Slow Growth

Briefly put, the economic expansion continues, but at a disappointing rate. Early in the third quarter a resurgence of Covid-19 infections brought on by the delta variant fostered renewed restrictions, delayed openings, and reductions in consumer expenditures. In addition, some of the effects of government stimulus support are starting to wane.  Meanwhile higher inflation, supply chain disruptions, and the threat of higher taxes add uncertainty to a picture that is otherwise still quite good.

When I last wrote, real Gross Domestic Product was growing at a 6.4% rate and an even higher rate was expected for the near future. Instead, third quarter GDP growth came in at 2%, well below expectations, as industrial production, which had been growing for 6 straight months, dropped 1.3% in September and consumer confidence declined throughout the quarter. Housing, which had been robust in the economic recovery, also took a pause as higher prices, lack of available inventory, and rising input costs slowed activity. Trailing 12-month GDP growth of 4.7% is historically still quite healthy, but the sharp deceleration surprised many.

The employment situation highlights the complex situation faced by policy makers.  Last month, the unemployment rate dropped from 5.2% to 4.8%, and it fell more than a percent during the quarter. Still, the number of people in the labor force is presently about 3 million less than in February 2020, prior to the onset of the pandemic.  Meanwhile our population is about 1.4 million higher, implying a gap of over 4 million potential workers.  With many now comfortable staying home, whether they work there or don’t, employers are being forced to increase wages.  Average hourly pay is now 6% higher than a year ago.  In September wages jumped at an 8% rate.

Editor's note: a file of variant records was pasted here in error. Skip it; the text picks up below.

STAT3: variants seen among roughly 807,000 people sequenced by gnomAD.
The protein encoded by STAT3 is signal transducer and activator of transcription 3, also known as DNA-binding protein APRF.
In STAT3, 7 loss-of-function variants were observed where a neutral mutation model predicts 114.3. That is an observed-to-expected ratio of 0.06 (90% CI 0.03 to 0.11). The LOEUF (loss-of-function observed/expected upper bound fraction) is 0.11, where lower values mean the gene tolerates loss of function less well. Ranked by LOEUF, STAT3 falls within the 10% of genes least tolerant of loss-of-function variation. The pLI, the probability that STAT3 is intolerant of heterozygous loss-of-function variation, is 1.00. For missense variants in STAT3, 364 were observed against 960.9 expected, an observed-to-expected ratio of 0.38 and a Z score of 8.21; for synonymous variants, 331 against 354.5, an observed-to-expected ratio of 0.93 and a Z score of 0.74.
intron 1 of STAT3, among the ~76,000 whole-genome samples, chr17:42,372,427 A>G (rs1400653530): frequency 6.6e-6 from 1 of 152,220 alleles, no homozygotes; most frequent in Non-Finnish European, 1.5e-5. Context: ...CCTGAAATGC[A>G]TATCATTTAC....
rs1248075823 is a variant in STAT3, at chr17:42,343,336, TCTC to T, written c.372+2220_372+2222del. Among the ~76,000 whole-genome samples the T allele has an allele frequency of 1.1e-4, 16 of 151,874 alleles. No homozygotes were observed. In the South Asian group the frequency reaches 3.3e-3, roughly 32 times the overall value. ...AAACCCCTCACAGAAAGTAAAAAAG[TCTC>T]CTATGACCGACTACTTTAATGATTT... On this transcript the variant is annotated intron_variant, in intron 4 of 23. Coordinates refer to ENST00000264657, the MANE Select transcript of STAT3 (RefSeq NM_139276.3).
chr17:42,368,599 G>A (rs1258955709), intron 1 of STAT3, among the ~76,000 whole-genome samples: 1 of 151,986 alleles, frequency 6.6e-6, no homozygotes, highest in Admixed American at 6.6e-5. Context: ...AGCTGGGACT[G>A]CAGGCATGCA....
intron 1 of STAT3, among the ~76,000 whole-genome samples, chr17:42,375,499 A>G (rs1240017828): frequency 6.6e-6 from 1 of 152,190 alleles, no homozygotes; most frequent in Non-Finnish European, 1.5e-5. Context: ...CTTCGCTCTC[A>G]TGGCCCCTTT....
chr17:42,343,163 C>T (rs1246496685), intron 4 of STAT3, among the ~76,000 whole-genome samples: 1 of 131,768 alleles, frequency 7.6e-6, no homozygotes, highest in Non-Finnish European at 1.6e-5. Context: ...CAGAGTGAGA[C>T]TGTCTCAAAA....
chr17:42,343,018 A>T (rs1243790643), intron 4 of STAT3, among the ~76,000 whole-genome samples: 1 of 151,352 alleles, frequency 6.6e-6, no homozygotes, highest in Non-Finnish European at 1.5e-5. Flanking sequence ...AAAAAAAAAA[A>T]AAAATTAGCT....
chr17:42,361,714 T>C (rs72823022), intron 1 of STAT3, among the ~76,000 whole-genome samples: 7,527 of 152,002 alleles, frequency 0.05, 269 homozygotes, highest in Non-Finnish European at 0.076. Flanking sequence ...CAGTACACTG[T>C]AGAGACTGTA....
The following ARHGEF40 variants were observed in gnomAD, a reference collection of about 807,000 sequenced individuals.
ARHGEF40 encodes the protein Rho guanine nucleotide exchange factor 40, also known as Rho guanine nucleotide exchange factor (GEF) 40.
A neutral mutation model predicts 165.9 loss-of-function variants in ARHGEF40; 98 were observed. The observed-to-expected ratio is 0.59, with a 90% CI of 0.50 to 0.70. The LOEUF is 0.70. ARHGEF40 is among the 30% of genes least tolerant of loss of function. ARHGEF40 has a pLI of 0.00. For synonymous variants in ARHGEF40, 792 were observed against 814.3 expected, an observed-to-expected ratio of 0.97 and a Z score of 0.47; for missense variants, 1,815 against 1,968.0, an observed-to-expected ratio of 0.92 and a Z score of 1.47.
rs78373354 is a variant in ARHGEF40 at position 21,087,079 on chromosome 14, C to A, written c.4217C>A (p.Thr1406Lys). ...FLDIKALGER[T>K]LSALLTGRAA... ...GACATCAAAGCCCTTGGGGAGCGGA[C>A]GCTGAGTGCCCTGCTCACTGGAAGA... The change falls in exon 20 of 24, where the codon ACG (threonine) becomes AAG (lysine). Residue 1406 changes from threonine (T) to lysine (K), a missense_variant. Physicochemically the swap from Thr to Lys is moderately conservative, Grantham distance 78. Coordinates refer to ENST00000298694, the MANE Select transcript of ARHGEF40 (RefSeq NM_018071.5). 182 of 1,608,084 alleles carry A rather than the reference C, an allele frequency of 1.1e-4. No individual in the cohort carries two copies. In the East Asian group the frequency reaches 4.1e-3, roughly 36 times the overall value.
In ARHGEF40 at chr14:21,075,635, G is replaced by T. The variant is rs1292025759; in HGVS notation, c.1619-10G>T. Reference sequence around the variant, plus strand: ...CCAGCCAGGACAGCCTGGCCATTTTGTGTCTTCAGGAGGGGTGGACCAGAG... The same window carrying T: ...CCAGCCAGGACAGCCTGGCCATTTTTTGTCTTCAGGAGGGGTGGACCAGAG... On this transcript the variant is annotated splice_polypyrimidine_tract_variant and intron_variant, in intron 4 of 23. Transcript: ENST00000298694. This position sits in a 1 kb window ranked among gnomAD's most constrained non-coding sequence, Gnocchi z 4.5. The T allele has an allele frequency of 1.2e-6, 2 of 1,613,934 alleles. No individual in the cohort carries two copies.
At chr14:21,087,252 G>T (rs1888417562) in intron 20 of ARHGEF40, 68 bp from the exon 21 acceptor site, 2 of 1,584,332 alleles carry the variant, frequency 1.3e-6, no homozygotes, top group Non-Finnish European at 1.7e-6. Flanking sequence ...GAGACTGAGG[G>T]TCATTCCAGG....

The increase in labor costs is undoubtedly a factor in rising prices in general.  The consumer price index is now 5.4% higher than twelve months ago.  Year-over-year inflation has been near or above 5% for more than 6 months.  For quite some time, the Federal Reserve has set its target for inflation at 2%, but the Fed also has a mandate to maximize employment.  The Fed has viewed the surge in inflation as transitory in nature.  Temporary and easily identified supply issues lend credence to this view, but the breadth of labor shortages and escalating wages perhaps indicate otherwise.  At present the bond market is accepting the Fed view that the current elevated levels of inflations are largely transitory, thus interest rates moved little since I last wrote.

Given this economic and rate backdrop, the equity markets moved sideways during the third quarter. For the three months, the S&P 500 nudged up 0.58% but the S&P 400 Mid-Cap index was down 1.85% while the Russell 2000 Small-Cap index dropped 4.3%. Overall equity valuation levels remain significantly elevated by most measures. However, in the context of the current interest rate environment, they are in line with historical norms.

Investing is a long-term process, of course. The prospects and uncertainties highlighted above are best addressed by maintaining an asset allocation with which you are most comfortable.

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